Success of another Dayton would mean an end to the long-running international intervention in Bosnia and to the powers exercised by the High Representative. EU forces would be gradually removed. Bosnia would be on the path to EU membership, hopefully following close on the heels of Croatia, which is already a candidate. Serbia would have an opportunity to accelerate its progress towards the EU, which has been lagging. In the end, only the promise of EU accession will end the deep-seated nationalist frictions among Balkan countries.

Dayton ended a war but did not create a durable state. Fourteen years of trying to implement the Dayton agreements has not produced a Bosnia worthy of EU membership. If President Obama and EU leaders believe that "aggressive diplomacy" can be used to prevent conflict and build a state, Bosnia would be a good place to start. Its membership in the EU would a fine place to finish.

Comments (6)


Please don't add to confusion with over simplified attempts to "explain" what's going on in Bosnia.
We, Bosnians,appreciate your concern and attempt to "help" but please leave us alone. We got enough of your "expert" opinions.We are sick and tired and almost strangled to death by your "friendly" advices.
So called International Community,UN,EU,USA had had chance to help Bosnia,to stop agression and genocide between 1992-1995. They didn't. Instead in Dayton in 1995 at something called peace conference they gave us piece of garbage and another apartheid system


And yet again you fail to see the reality. There will never be a so called Bosnian state. Too much blood has been spilled.Thru centuries. And, as you mentioned Kosovo briefly, it is an integral part of the problem which arose with the unlawful NATO bombing in 1999. The West hasn't achieved democracy there even after 10 years and has also failed in Bosnia. The West has lost all credibility in the Balkans long time ago. Try to understand, you can't force nobody to live together if they don't want to. Why hasn't the West tried that with the Serbian government and the Albanians in Kosovo and Metohija? Why does the West try so much in Bosnia? What is the difference?

Ibrahim Halilovic:

In Dayton in 1995. there was suspended the legal Constitutional Act of the Republic Bosnia and Herzegovina and the Bosnia/Herzegovina state territory was divided. It was a unacceptable violence against Republika Bosnia and Herzegovina's Constitutional act that is done by domestic politicians under international community umbrella (USA at first place!) Bosnian Serbs whose paramilitary and militia committed genocide and many other war crimes were awarded by Republika Srpska.It means that genocide and war crimes are worthwhile.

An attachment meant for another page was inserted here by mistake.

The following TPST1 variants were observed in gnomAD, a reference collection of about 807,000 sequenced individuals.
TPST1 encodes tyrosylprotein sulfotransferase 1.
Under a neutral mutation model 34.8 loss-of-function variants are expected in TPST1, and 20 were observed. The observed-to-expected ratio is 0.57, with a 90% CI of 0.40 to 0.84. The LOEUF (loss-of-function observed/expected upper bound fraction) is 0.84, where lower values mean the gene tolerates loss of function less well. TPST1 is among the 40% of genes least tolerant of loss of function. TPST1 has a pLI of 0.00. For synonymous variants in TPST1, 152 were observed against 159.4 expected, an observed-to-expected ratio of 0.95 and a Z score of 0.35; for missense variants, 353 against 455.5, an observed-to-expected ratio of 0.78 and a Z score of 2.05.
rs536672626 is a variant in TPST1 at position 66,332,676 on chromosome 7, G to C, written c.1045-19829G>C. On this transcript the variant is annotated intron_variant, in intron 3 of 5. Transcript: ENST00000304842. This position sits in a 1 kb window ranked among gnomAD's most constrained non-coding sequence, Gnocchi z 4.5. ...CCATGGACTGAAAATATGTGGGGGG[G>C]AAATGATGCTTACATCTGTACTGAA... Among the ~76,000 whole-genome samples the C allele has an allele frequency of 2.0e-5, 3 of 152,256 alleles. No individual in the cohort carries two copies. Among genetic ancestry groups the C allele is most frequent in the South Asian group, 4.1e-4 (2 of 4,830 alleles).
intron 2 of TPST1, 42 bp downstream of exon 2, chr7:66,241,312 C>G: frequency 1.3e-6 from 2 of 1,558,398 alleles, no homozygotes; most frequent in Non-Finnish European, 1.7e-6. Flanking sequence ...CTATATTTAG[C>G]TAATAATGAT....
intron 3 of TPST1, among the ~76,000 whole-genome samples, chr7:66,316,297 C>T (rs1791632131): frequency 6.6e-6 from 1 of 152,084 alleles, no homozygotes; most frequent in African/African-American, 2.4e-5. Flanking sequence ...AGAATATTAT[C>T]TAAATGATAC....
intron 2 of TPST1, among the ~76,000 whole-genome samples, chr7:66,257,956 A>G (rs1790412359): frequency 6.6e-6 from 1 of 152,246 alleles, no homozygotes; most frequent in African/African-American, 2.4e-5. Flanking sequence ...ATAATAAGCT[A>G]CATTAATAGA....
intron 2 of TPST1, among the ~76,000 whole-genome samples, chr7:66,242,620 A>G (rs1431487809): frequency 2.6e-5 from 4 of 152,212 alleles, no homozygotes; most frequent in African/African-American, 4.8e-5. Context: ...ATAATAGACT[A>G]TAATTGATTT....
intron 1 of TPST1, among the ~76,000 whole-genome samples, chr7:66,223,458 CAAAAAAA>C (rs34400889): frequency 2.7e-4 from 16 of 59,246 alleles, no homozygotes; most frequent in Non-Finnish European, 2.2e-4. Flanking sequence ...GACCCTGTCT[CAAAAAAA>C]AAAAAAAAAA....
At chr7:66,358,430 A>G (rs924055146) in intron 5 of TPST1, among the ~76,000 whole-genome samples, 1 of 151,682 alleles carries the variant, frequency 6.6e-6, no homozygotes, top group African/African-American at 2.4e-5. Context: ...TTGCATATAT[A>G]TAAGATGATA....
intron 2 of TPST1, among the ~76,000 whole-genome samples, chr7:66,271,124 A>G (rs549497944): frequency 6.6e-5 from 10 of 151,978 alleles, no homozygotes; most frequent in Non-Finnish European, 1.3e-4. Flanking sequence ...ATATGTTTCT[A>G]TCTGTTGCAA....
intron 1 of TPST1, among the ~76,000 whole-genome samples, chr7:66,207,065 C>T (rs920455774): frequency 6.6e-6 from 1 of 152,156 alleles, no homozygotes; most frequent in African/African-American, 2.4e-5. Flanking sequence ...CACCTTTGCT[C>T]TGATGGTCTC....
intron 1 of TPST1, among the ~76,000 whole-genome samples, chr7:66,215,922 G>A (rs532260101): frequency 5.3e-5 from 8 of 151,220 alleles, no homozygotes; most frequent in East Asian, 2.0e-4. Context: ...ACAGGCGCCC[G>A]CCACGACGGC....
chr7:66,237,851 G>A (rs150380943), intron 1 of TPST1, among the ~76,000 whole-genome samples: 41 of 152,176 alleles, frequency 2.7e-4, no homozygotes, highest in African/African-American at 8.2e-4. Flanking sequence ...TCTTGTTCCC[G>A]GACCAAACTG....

The Dayton's Peace Agreement Annex IV is considered as Bosnia and Herzegovina Constitutional Act. But, it has never been translated to Bosnian, Croatian and Serb's language (sic!) and has never been accepted in the B/H Par lament so that this document is not valid. It is illegal.

I think that B/H does not need a Annex IV reparation or improvement because this goal could not be achieved regarding the current politicians in power who are corrupted and like to have own states into B/H states.

I think that international community should interfere asking to return the Republic Bosnia and Herzegovina Constitutional act that was suspended in Dayton.

This document is a good foundation to establish Republic Bosnia and Herzegovina as a modern European state.

If it happens, there will be erased the results of the genocide war crimes and it will be a good signal that genocide and war crimes are not worthwhile.

If the reality achieved by genocide and war crimes reminds, there will always be a place for new confrontations. It will be a bad signal to the peoples around who will take possibility to commit war crimes and genocide.

EU and USA could help B/H to become a normal state only if they insist to return to Constitutional Act that was valid before aggression and genocide. Going this way will be corrected many mistakes they committed in the past regarding Republic Bosnia and Herzegovina.


how you comment fact to Republik Srpska is created on genocide and war crime, how you comment fact there is no citizen in present constitution, we can only be serbs,croats or bosniak .... like in constitution in ex state!